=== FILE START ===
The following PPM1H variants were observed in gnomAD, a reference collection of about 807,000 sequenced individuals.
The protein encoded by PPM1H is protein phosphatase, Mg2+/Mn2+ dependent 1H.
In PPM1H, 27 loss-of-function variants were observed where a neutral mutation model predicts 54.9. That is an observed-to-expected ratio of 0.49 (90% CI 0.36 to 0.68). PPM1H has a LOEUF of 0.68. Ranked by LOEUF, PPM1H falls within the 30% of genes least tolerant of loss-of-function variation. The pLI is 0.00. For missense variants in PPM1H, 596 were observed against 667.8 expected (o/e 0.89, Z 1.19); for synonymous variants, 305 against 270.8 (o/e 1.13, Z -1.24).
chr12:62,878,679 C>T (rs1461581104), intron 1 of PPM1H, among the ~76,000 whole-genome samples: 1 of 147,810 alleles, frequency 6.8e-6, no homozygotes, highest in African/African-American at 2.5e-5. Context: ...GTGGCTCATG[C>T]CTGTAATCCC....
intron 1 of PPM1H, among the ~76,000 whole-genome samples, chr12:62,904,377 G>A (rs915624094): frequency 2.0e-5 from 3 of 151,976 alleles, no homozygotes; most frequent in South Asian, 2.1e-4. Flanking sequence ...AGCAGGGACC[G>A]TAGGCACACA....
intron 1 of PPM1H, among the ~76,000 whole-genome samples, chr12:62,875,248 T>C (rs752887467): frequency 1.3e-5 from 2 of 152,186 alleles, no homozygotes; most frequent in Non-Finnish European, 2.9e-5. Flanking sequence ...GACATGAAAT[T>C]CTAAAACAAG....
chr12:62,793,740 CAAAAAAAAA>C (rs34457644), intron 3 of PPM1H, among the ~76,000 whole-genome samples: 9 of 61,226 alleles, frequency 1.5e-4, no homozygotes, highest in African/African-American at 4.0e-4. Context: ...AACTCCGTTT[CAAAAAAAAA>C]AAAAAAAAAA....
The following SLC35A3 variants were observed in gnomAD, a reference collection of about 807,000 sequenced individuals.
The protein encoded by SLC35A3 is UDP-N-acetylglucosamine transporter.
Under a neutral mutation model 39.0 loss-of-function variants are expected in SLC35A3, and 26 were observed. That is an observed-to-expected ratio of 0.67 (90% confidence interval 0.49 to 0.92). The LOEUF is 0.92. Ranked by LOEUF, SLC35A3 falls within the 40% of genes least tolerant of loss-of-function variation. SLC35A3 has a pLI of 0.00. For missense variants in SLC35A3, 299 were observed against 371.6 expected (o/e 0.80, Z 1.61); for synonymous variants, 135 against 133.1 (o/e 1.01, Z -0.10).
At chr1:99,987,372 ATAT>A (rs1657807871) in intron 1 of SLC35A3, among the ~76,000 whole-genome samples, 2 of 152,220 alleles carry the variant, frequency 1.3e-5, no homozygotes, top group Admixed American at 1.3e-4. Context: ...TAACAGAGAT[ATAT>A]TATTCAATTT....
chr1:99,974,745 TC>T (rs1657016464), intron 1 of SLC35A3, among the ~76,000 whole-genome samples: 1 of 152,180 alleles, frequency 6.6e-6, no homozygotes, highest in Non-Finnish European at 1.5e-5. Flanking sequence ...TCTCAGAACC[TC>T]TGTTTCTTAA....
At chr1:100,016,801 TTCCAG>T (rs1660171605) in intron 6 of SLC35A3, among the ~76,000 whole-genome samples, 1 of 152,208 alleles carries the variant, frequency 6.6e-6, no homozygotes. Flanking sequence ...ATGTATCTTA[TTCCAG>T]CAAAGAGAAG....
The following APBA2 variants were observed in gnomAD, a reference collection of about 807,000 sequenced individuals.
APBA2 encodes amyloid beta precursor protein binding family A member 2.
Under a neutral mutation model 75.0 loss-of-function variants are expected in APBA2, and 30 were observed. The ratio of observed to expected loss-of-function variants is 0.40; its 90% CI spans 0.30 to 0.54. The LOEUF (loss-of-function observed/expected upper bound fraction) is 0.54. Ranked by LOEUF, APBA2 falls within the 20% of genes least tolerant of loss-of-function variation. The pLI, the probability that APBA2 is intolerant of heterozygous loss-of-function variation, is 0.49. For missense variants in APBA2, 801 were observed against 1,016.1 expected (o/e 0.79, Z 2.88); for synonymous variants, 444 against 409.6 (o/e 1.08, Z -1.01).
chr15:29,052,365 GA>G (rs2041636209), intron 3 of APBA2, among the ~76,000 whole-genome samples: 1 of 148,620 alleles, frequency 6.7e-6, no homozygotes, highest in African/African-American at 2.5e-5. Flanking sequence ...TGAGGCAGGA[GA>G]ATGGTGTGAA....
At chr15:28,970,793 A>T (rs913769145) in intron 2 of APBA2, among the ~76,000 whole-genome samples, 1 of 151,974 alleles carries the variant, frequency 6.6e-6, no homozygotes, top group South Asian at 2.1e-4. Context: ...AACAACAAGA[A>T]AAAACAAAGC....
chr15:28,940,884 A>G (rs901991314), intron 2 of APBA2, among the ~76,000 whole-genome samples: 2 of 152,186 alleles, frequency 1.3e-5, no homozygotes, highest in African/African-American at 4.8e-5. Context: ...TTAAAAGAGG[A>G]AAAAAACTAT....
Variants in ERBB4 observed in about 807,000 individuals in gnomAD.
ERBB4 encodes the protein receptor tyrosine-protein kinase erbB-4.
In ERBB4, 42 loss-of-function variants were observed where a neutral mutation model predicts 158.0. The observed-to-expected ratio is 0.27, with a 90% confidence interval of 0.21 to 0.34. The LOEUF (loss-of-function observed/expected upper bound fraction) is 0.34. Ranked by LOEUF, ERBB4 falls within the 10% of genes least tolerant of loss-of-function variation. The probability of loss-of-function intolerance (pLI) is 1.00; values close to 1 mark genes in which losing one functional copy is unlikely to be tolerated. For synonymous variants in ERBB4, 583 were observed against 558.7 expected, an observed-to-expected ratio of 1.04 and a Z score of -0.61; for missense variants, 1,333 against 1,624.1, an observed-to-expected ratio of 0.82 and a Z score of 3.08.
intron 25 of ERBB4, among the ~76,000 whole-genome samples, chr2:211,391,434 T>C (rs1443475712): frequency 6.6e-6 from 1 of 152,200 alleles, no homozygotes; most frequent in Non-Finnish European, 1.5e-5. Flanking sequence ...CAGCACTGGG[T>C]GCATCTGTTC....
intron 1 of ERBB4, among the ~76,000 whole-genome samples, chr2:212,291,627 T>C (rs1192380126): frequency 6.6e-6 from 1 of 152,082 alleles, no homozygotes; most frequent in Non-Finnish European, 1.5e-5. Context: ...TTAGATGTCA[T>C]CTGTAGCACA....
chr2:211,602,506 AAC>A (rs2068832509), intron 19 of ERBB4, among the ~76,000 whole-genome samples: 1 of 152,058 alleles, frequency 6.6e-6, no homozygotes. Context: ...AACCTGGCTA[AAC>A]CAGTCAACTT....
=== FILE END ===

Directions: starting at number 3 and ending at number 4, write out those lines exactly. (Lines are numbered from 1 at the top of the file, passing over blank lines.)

In PPM1H, 27 loss-of-function variants were observed where a neutral mutation model predicts 54.9. That is an observed-to-expected ratio of 0.49 (90% CI 0.36 to 0.68). PPM1H has a LOEUF of 0.68. Ranked by LOEUF, PPM1H falls within the 30% of genes least tolerant of loss-of-function variation. The pLI is 0.00. For missense variants in PPM1H, 596 were observed against 667.8 expected (o/e 0.89, Z 1.19); for synonymous variants, 305 against 270.8 (o/e 1.13, Z -1.24).
chr12:62,878,679 C>T (rs1461581104), intron 1 of PPM1H, among the ~76,000 whole-genome samples: 1 of 147,810 alleles, frequency 6.8e-6, no homozygotes, highest in African/African-American at 2.5e-5. Context: ...GTGGCTCATG[C>T]CTGTAATCCC....